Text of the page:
Neseniai nusipirkau FatShark 2010 Aviator edition video goggles. Seniau naudojau laptopa FPV skrydžiams. Pradėjau nuo EeasCap USB video adapterio. Gan prastas ir pigus produktas. Vėliau pakeičiau į Avermedia PCMCIA adapterį. Jis buvo geresnis, tačiau pagrindinė problema išliko dėl atspindžių ekrane. Labai sunku buvo įžiūrėti kažką netgi prie vidutinio apšviestumo lauke. Netgi įdėjus į tamsią bagažinę, iš lauko ateinanti šviesa labai trukdė.

Taigi nutariau nusipirkt šiuos akinius. Nemažai apie juos rašoma FPV forumuose. Aviator edition nuo paprastos skiriasi, tuo, kad integruotas 2.4GHz arba 5.8GHz imtuvas, ir pridedamas 100 mW siųstuvas. Dar neišmėginau siųstuvo lauko sąlygomis, tačiau iš 100 mW nesitikiu labai daug.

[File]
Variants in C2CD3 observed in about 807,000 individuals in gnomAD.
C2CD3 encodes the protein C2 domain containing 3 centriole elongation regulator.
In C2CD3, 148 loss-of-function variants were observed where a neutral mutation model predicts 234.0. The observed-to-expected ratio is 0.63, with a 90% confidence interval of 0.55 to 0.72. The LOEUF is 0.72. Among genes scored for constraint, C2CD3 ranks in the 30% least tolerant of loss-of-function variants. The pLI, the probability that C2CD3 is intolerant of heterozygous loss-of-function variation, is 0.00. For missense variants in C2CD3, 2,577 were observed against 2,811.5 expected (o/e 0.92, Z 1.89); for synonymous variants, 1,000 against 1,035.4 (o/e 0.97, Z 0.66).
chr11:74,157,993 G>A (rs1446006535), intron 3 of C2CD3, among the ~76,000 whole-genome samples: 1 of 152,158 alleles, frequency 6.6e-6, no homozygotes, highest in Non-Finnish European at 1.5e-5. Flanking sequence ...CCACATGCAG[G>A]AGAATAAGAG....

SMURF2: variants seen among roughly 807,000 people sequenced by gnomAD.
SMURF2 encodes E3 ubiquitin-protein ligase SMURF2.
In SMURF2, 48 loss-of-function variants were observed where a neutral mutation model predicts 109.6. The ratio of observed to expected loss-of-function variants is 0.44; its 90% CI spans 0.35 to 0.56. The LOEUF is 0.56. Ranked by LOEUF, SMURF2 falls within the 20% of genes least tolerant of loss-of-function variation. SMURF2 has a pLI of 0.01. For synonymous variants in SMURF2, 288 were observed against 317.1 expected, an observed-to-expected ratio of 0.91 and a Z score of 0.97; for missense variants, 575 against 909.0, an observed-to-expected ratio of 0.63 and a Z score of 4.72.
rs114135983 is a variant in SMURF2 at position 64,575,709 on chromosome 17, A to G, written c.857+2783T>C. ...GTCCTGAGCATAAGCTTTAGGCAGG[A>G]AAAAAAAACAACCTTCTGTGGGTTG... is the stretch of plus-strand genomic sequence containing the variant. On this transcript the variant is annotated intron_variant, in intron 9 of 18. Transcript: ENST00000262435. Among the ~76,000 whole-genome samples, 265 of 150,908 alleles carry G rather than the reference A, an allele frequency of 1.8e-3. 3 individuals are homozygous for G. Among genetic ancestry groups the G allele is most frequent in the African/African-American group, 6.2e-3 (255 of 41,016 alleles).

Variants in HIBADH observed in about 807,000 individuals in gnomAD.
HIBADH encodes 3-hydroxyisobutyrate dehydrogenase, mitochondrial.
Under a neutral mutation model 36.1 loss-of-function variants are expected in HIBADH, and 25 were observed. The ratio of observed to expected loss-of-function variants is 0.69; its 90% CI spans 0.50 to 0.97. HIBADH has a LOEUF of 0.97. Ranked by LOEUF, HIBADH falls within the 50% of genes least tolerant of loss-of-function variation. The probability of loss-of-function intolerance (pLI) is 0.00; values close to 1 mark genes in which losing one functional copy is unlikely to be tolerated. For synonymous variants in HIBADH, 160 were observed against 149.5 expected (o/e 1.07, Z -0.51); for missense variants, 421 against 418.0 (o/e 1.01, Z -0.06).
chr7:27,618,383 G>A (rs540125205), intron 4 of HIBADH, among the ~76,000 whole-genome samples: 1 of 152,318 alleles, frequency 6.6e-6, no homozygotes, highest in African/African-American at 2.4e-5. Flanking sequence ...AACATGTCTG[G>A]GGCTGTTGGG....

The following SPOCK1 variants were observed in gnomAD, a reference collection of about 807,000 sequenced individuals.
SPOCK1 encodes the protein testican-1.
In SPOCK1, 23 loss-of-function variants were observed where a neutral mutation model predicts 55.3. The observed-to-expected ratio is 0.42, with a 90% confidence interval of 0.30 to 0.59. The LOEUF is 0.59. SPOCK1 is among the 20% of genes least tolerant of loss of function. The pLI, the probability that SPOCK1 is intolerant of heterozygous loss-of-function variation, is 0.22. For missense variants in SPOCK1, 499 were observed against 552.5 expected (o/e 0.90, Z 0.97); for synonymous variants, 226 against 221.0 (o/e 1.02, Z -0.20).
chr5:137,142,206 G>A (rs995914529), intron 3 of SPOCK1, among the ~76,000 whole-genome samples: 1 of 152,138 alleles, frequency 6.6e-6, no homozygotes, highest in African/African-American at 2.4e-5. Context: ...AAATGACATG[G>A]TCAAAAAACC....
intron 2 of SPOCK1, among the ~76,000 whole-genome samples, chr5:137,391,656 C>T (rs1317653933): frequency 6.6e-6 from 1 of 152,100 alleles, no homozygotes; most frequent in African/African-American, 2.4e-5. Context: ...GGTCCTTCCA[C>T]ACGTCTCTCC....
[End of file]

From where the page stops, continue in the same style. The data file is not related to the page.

Prieš tai esu naudojęs VGA VR920 video akinius, taigi galiu palyginti su šiais. Iš
pradžių, kas man patiko:
+ Geras apžvalgos kampas (FOV). Deklaruojamas apie 40 laipsnių. Būtų gerai turėti daugiau, bet tiek tikrai pakanka, tam kad pasijustumėte tarsi lėktuve. Šiuo aspektu fatshark’ai lenkia VR920.
+ Geras kontrastas. Dabartinė kamera neduoda gerų, taigi negaliu pasakyti, kaip dėl jų, bet vaizdas gan neblogas.
+ Labai gera apsauga nuo saulės. Porolonas aplink akis visiškai uždengia viską aplink, ir netgi esant ryškiai saulei nieko nesimato išskyrus ekraną. Nereikia dėtis kepurių ar kitų dangalų.

Pliusų sąrašas neilgas, tačiau manau šitos sąvybės gan svarbios FPV. Kas man nepatiko: